United Methodist provides school supplies to needy students
Students receive school supplies from the nonprofit Mary Bradley Weeks Education Project.
Aug. 17, 2005
A UMNS Feature
By Nancy E. Johnson
They lined up before
the doors opened at North United Methodist Church in Sarasota, Fla. It
was like Christmas in the summertime as children and their parents
waited for their goodie bags.
“OK, we need scissors
for her. We need glue,” said Mary Bradley Weeks, the event organizer, as
she helped people waiting in line.
Almost four years ago,
Weeks started donating school supplies to needy families. Through
the nonprofit Mary Bradley Weeks Education Project Inc., she gives at
least a thousand students a good start for the new school year.
“They’ll have an equal
opportunity to learn,” Weeks said. “It’s embarrassing for a student to
go to school when they don’t have the necessary tools they need —
pencils, paper, ink pen.”
Weeks began the school
supplies drive because of a promise she made to her 2-year-old
great-grandson, Adrian Mitchell. She vowed that she would teach him how
to read and write before he started school. But she couldn’t keep that
promise. In 2002, Adrian was hit by a car and killed.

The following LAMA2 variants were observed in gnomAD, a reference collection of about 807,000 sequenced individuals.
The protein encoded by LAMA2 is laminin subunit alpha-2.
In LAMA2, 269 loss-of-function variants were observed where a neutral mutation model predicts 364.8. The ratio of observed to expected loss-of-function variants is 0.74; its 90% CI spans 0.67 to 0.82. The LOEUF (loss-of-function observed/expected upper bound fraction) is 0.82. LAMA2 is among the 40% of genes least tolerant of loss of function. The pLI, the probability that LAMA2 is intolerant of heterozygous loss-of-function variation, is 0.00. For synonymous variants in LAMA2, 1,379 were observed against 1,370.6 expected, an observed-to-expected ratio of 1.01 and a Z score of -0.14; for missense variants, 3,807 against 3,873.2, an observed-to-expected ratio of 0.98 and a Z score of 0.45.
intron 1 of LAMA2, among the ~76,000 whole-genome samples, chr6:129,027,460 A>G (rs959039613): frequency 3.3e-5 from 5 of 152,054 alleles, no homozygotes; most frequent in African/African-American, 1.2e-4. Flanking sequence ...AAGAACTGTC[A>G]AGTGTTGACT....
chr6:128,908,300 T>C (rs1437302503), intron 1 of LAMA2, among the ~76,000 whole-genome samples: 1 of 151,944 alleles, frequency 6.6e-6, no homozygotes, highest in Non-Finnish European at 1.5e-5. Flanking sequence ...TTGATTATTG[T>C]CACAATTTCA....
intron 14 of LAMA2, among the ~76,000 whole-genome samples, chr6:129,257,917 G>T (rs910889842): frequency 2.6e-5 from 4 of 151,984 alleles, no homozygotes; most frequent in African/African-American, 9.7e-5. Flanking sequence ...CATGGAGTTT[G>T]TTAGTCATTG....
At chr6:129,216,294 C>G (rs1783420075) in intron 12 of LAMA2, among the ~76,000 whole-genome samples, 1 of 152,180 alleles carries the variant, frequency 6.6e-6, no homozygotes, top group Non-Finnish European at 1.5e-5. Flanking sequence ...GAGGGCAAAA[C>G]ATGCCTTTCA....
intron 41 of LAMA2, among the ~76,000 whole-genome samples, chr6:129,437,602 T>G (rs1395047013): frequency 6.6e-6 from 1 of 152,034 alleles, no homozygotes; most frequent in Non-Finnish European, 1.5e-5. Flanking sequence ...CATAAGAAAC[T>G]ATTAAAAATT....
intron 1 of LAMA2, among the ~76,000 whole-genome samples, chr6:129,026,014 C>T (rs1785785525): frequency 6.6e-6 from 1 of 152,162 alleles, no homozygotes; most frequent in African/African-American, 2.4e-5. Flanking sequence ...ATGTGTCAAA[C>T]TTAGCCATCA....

“He was very mature for
his age,” Weeks said. “He used to give his toys away, give old clothes
away. By himself, he’d just give them away.”
The death of Mary Bradley Weeks' 2-year-old great-grandson inspired her to help other children.
So Weeks decided to
turn her grief into a gift for children in her community. She writes to
companies, tells them Adrian’s story and asks for donations. She’s never
been turned down. And she’s grateful that she can make a difference for
“Just giving them a little bit — not a handout, but a helping hand,” she said.
Lisa Littlefield is a mother of six. She says she couldn’t afford school supplies for her kids without Weeks’ help.
“It’s extremely tough,”
Littlefield said. “I’m not working. He (my husband) is the only one
working. That makes it hard. Limited, very limited.”
Cabrina Adams stocked
up on folders, paper, pencils and protractors for her three children.
She doesn’t know how she’d afford school supplies without this help.
“Probably borrow or layaway, maybe. But I’m so thankful. I’m always appreciative,” said Adams.
By the end of the day, Weeks had distributed almost all of the supplies.
“We’ve been cleaned out,” she said. “But it’s a good cleanout.”
*Johnson is a freelance producer and writer based in Florida.
News media contact: Fran Coode Walsh, Nashville, Tenn., (615) 742-5458 or email@example.com.
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